Massachusetts had its Probation Department scandal, but it is not alone. Federal assaults on state political culture (or “political corruption,” depending upon your point of view) are again popping up around the country. But hints coming from the appellate courts indicate this round might be different.
Recent developments show a judicial rebellion might be brewing against federal Department of Justice overreach in its prosecution of state political figures. These courts are questioning whether activities that are part of accepted state political culture should — or even can — be prosecuted under vague federal prohibitions against, for example, officials depriving their states of “honest services.” State government officials in Massachusetts, Virginia, and Illinois are currently embroiled in appeals against the Department of Justice. A common question runs through all three cases – whether the officials’ conduct constitutes fraud or merely common (even if sometimes tawdry) state politics. Significantly, defendants in recent “corruption” convictions have been freed on bail pending their appeals.
In Massachusetts — following a Globe Spotlight team investigation — former probation chief John O’Brien, along with two lower echelon officials, were convicted in July 2014 of fraud and racketeering. They were found guilty of running a “corrupt scheme” that favored the hiring of candidates recommended by legislators who held appropriation purse strings. Long-time state political observers were puzzled, since legislator-recommended candidates for certain government positions have been par for the course for generations in Massachusetts (as elsewhere).
The First Circuit Court of Appeals in Boston reversed trial judge William Young’s order jailing the defendants pending appeal. On Jan. 9, the three-judge panel noted, “The court is persuaded of a sufficient probability that the appeals present a ‘substantial question.’ ”
In the most recent case, former Virginia Governor Robert McDonnell was sentenced on Jan. 6 to two years in federal prison for introducing a local businessman to government officials whom the businessman-turned-government-witness was eager to recruit to test and promote his company’s health product. The businessman lavished gifts upon the governor and his family.
In an extraordinary demonstration of concern by numerous sectors of political and civil society, friend-of-the-court briefs were filed in McDonnell’s support by former and current members of the Virginia General Assembly, former Virginia attorneys general, law professors, and the National Association of Criminal Defense Lawyers, which has been working with liberal and conservative partners to rein in federal prosecutorial overreach. McDonnell’s supporters span the spectrum, from former US Attorney General John Ashcroft to former president of the NAACP Benjamin Jealous.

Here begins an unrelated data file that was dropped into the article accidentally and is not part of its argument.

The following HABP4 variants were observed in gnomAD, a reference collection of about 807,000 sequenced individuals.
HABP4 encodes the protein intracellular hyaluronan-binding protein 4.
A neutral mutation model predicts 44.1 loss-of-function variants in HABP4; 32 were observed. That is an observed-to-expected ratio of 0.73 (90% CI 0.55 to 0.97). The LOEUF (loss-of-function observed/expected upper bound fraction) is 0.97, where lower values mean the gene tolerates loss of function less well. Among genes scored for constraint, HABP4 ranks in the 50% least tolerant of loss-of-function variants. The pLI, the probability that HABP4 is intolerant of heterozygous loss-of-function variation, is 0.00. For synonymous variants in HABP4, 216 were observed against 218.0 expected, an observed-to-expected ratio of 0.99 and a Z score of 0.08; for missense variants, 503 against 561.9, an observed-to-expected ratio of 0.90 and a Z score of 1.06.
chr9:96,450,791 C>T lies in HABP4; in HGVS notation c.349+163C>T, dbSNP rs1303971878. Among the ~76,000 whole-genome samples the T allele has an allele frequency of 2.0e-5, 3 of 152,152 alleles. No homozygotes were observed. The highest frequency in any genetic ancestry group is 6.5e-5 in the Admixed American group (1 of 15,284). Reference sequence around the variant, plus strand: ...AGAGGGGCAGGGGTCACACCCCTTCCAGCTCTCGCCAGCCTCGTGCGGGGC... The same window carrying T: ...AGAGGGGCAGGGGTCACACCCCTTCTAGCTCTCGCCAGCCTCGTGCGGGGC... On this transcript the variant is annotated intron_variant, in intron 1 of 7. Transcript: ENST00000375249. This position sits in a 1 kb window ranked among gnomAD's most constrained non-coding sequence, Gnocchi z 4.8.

The brief filed by current and former members of the Virginia General Assembly summarizes the issue: The feds are using the anticorruption statutes as “a standard-less sweep that criminalizes the most routine political activities.” The six former Virginia attorneys general (four Democrats and two Republicans) suggested that prosecutions like McDonnell’s “would wreak havoc upon the public life of Virginia by casting a shadow of federal prosecution and imprisonment across normal participation in the democratic process.” And the law professors complained that defendants were deprived of fair notice of what the law prohibits. The appellate court reversed the trial judge’s order jailing McDonnell during appeal.
Consider, too, the oldest of the three cases. In 2011, former Illinois governor Rod Blagojevich was tried in a much misunderstood political prosecution. The dramatic centerpiece of Blagojevich’s supposed criminality was that he was overheard on a wiretap speaking with associates about how to make the most beneficial use of his power to appoint an interim US senator to take the seat vacated by White House-bound Barack Obama. This quintessentially political act was transmogrified by prosecutors into the governor’s corrupt “sale” of a vacant Senate seat to the highest bidder.
Blagojevich’s conviction and 14-year sentence were argued before the Seventh Circuit Court of Appeals in Chicago in December 2013. A decision has yet to be rendered. In oral argument, the court questioned whether the feds are redressing real corruption or are instead asserting unconstitutional power over ordinary state political activity. Judge Frank Easterbrook asked the prosecutor how Blagojevich’s treatment of the Senate seat differed from a political deal dating to the Eisenhower administration. Ike was thought to have promised the then-California governor, Earl Warren, a Supreme Court appointment, if Warren supported Eisenhower’s presidential run. “If I understand your position,” said Easterbrook, “Earl Warren should have gone to prison; Dwight Eisenhower should have gone to prison.”
Though oral arguments do not always predict case outcomes, Easterbrook’s incisive query and the government’s inadequate answer may explain the unusually long delay in the Seventh Circuit’s decision. At the least, it shows that the federal bench is wrestling with Blagojevich’s defense: that his actions constituted no crime.
In all three cases, the defendants were not prosecuted under state criminal laws, because state law did not outlaw their conduct. The officials’ actions, however, were swept within a set of vague federal anti-fraud statutes.
Was it fraud, or routine political give-and-take? If state political culture is to be reformed, should it not be up to the voters to insist upon it? Isn’t that where the legitimate democratic power has, and should have, resided all along?Harvey Silverglate, a Boston criminal defense and civil liberties lawyer, is the author of “Three Felonies a Day: How the Feds Target the Innocent.” Timothy C. Moore provided research and editing assistance.